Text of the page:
Utah redistricting reform measure likely to qualify for ballot

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A proposal to overhaul the way Utah draws its political boundaries appears likely to qualify for the November ballot, after supporters turned in nearly 150,000 signatures to state officials.

The measure, dubbed Better Boundaries, would create an independent commission to draw district lines every 10 years, following the decennial Census. 

{mosads}Today, district maps are drawn by the state legislature. But if the measure passes, it would hand power to draw the maps to the seven-member commission, five of whom would have to sign off on any new map to advance it. The approved map would go first to the chief justice of the state Supreme Court and then to the legislature for approval or rejection.

The commission’s members would be appointed by the governor and both Democratic and Republican legislative leaders. The final two members would be unaffiliated with either political party.

Supporters say the measure will lead to more compact districts that keep communities of interest together. They turned in 149,787 signatures this week, far more than the 113,000 required to make it to Utah’s ballot.

“Utahns agree that the people should choose their elected officials, politicians shouldn’t choose their voters,” said Catherine Kanter, who is managing the Better Boundaries campaign. “This initiative will make sure that city and county borders are respected and that the people’s needs are put first when drawing our districts. Utahns of all political parties have stepped forward to support this initiative and we are confident it will be successful in November.”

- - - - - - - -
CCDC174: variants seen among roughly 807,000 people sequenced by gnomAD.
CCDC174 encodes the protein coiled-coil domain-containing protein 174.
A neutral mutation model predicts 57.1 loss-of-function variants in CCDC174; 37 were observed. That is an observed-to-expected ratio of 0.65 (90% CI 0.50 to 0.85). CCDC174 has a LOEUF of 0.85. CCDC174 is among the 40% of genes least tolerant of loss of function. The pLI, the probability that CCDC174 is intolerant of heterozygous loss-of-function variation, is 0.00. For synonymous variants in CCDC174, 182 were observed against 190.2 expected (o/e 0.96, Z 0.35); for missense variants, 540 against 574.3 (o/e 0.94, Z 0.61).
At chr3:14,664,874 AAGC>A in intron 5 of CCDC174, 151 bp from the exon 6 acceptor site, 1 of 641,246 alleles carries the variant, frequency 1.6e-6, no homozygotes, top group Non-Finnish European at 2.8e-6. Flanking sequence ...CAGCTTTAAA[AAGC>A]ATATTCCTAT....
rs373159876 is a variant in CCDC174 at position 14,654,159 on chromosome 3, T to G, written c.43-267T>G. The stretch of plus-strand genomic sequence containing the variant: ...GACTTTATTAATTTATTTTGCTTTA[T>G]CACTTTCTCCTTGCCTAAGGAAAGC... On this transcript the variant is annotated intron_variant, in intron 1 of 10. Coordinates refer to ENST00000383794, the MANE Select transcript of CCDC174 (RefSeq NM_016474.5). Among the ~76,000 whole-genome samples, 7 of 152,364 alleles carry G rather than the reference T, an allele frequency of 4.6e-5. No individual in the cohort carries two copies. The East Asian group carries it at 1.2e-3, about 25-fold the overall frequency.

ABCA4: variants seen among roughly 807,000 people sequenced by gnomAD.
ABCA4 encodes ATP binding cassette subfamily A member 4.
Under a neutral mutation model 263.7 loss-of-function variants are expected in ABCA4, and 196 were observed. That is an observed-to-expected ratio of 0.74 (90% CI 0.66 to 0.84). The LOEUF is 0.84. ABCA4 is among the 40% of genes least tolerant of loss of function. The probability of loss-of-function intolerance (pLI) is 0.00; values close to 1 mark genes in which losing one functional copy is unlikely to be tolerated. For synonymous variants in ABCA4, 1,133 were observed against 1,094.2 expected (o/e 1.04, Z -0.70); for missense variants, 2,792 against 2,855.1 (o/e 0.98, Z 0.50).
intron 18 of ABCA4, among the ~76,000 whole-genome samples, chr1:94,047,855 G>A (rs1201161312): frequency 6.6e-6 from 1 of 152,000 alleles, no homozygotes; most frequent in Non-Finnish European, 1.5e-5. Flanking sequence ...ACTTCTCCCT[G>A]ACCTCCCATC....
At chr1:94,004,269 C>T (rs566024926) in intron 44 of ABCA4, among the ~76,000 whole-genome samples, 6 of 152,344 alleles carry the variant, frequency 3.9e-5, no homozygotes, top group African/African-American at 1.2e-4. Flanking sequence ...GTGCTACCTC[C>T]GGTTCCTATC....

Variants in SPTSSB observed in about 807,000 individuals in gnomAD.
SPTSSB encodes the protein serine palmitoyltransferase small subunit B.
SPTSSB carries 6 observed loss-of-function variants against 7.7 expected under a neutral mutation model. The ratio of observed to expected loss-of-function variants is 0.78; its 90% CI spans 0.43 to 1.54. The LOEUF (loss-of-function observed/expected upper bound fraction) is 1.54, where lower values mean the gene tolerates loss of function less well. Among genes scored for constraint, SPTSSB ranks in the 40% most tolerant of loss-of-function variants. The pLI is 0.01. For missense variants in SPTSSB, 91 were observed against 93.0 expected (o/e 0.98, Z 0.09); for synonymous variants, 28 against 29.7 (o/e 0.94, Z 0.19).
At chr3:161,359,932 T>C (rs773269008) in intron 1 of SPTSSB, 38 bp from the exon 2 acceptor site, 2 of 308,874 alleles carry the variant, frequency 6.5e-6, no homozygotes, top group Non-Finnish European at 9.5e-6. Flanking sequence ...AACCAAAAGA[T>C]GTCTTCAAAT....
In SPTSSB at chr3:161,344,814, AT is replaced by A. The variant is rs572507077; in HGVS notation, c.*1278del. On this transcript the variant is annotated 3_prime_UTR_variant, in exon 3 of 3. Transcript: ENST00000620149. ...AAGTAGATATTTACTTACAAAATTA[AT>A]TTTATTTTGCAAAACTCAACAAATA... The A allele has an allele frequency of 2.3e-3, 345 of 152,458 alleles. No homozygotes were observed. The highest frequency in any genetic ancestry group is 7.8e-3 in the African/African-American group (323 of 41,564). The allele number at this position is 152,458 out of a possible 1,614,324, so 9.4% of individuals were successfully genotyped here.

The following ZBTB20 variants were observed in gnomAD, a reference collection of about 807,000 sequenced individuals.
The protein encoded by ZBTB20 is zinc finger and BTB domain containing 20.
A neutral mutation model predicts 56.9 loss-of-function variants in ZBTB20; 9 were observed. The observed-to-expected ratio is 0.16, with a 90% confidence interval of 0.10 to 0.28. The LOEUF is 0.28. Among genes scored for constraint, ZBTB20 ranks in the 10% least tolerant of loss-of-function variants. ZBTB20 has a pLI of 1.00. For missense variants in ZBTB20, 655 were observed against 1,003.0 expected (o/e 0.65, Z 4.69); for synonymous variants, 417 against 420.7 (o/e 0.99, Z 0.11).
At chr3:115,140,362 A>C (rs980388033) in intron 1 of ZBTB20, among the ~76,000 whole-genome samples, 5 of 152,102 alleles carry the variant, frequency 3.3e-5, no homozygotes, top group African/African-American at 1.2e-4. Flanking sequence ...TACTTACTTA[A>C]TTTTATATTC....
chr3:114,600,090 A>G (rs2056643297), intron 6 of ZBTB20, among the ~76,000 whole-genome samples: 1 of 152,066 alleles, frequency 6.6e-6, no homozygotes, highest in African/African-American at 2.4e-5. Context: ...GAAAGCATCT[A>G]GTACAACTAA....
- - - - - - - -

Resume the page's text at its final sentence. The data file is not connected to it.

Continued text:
Utah’s current district map, drawn after the 2010 Census, divided parts of Salt Lake City between several congressional districts. At the time, then-Rep. Jim Matheson (D) complained that Republican legislators had carved up the heart of his district, intent on knocking him off.

Matheson won reelection in a new district in 2012, but he decided not to seek another term in 2014. That year, Rep. Mia Love (R) took his seat.

Heavily conservative Utah’s congressional delegation is made up entirely of Republicans. Republicans control 24 of 29 seats in the state Senate, and 62 of 75 seats in the state House.

Utah is one of a handful of states where voters will decide whether to overhaul the redistricting process in November. Initiatives in Michigan and New Mexico have already qualified for the November ballot. Another proposal in Colorado is being tested in the courts.

Earlier this week, Ohio voters overwhelmingly approved a measure creating their own independent commission to draw boundary lines.

Utah could become the eighth state to adopt an independent commission. Ohio this week joined Alaska, Arizona, California, Idaho, Montana and Washington, which all draw boundary lines via commission rather than through the legislature.

– Updated at 4:24 p.m.

Tags Jim Matheson Mia Love Redistricting commission
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